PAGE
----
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24 Jul, 2013

Japan Post postcard contest shows some traditions still surviving


09 July 2013, Universal Postal Union — Japan Post has announced the winners of a postcard-design competition, which put a twist on a New Year’s tradition and the UPU among the judges.

Nobuhiro Sato won the best photo card category (above) and thanked the world for their sympathy during the Japan earthquake of 2011. Fumiko Kinoshita, winner of the best handmade card, had Japanese aesthetics on her mind when creating it


Some 1,400 people took part in the Japan-wide contest.

Delegates attending the  Postal Operations Council in April and UPU staff in Berne selected the two best examples of the postcards, or nengajo, from the top 40 cards.

On January 1 each year, nengajo are sent to loved ones in a tradition dating back to the 11th century.

“This tradition demonstrates how many people still rely on the Post to send personal greetings to their loved ones, despite the growing popularity of electronic communications,” says Juliana Nel, UPU director of markets development.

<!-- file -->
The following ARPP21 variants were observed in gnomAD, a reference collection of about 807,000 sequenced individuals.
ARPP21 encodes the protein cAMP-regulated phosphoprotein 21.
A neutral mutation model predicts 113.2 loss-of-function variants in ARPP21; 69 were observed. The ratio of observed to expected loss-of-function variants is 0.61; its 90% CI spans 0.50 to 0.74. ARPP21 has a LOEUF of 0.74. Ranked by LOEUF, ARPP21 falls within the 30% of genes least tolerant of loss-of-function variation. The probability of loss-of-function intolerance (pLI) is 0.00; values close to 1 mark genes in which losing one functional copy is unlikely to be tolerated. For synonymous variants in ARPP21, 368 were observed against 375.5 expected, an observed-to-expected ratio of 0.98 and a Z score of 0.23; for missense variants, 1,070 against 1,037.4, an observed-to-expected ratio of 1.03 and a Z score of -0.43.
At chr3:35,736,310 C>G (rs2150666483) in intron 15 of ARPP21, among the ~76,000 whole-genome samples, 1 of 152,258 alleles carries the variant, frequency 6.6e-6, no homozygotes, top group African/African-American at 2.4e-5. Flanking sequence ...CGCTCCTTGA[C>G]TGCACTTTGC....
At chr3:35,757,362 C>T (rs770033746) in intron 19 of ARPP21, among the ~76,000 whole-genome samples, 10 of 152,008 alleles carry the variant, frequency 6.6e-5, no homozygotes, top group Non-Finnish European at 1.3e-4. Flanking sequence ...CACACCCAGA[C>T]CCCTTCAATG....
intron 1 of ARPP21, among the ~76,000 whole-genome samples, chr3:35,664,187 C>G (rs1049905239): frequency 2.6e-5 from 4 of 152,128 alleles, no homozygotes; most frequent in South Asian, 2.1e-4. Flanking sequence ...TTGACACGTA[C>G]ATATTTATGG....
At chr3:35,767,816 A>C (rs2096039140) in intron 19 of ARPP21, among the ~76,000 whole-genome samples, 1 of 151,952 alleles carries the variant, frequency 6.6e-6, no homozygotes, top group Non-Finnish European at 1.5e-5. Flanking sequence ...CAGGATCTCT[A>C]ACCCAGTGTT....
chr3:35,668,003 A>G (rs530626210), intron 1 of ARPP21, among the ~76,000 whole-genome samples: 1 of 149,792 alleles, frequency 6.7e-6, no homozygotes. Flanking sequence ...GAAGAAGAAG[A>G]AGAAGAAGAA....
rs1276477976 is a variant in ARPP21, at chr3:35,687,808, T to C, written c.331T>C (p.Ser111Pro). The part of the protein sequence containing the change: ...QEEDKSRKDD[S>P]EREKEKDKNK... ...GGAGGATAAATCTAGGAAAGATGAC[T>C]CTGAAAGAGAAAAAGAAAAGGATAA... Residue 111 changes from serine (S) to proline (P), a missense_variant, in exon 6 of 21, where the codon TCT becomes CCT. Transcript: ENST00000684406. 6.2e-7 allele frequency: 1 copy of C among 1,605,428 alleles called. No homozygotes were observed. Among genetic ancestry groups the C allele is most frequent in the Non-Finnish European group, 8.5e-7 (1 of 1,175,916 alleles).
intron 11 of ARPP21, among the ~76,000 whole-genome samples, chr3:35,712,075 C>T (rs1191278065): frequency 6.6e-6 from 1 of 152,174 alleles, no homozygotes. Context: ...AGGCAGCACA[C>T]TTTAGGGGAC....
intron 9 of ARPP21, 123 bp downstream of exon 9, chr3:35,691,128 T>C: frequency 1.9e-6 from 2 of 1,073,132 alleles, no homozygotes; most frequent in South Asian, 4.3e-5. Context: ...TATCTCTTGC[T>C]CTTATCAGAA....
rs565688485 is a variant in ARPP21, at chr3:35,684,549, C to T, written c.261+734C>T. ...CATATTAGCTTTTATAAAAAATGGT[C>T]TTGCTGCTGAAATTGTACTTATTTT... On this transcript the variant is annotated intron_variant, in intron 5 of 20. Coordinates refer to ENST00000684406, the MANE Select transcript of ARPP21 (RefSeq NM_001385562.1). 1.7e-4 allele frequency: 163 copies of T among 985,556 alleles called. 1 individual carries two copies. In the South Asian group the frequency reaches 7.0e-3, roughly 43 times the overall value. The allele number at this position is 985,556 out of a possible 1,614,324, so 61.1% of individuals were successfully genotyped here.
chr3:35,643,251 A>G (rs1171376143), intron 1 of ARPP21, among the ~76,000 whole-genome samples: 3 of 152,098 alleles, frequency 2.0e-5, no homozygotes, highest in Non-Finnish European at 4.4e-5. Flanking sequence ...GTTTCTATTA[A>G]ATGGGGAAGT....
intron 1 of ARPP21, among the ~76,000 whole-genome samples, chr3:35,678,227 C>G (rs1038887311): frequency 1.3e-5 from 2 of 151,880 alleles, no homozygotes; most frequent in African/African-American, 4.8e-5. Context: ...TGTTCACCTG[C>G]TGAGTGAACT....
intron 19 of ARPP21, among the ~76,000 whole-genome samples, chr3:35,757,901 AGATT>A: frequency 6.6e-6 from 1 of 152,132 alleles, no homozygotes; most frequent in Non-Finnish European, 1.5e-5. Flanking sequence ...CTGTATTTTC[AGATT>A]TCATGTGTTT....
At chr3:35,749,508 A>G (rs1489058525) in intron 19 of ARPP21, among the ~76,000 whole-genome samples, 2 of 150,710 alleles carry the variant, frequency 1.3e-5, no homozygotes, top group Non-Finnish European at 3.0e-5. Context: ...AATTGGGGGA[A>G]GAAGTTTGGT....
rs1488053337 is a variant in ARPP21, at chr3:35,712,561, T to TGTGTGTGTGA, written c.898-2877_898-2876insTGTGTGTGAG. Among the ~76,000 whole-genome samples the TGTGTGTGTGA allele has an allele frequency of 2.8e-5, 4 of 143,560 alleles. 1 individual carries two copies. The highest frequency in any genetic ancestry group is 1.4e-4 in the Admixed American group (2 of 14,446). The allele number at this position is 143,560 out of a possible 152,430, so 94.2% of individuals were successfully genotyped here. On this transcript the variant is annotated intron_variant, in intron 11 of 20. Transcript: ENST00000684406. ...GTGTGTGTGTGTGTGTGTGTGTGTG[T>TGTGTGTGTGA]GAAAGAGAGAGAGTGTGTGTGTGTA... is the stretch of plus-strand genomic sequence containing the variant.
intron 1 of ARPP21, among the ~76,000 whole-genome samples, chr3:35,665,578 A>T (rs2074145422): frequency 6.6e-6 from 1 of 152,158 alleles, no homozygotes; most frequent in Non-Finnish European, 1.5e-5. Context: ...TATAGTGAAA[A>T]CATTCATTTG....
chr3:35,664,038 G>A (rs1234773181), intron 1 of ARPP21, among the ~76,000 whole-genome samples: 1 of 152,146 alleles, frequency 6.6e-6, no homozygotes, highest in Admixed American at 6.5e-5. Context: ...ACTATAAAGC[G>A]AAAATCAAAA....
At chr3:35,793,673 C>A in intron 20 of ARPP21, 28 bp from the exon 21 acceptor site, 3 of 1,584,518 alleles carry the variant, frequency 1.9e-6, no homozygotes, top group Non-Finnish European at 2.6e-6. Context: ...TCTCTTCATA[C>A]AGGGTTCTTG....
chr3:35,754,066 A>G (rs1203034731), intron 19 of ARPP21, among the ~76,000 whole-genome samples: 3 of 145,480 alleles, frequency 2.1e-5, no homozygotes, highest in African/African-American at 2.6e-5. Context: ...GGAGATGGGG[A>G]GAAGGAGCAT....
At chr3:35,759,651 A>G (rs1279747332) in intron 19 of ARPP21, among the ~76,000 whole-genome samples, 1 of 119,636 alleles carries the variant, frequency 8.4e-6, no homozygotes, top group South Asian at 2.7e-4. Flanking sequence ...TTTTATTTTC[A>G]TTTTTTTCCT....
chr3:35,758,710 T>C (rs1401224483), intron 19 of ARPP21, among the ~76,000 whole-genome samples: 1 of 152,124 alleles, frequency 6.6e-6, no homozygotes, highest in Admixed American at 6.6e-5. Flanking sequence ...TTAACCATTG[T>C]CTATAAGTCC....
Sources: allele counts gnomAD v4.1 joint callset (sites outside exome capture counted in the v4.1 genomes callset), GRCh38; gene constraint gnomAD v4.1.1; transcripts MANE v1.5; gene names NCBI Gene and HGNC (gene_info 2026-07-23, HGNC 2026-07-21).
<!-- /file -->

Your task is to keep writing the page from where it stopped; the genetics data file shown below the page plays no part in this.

“Other Posts could follow this example at the national level to encourage customers to use the postal service not only to communicate and build friendships, but also to generate income for their business,” she says.

Japan Post held the competition to encourage people to communicate through greeting cards and postcards. “E-mail might be used by some people, but you don’t put the same feeling in that as you do with a card,” says Emiko Hakozaki, assistant manager of Japan Post’s international business.

Busy day

January 1 is the busiest day of the year for Japan Post.

For those who thought that personal correspondence was dead, think again. This year alone, 1.8 billion cards were delivered on New Year’s Day in Japan. A person receives 53 cards on average, according to Hakozaki.

The Post relied on 120,000 people, 2,500 lorries and 29,000 mini-vehicles to ensure that the nengajo reached recipients on that day.

The Post also organizes a lottery where customers can purchase nengajopostcards with a serial number.

In the run-up to January 2013, the Post sold more than three billion New Year’s cards with lottery numbers. Each card costs about 50 JPY (0.60 USD).

The Post announces the lottery results at the end of January, says Hakozaki.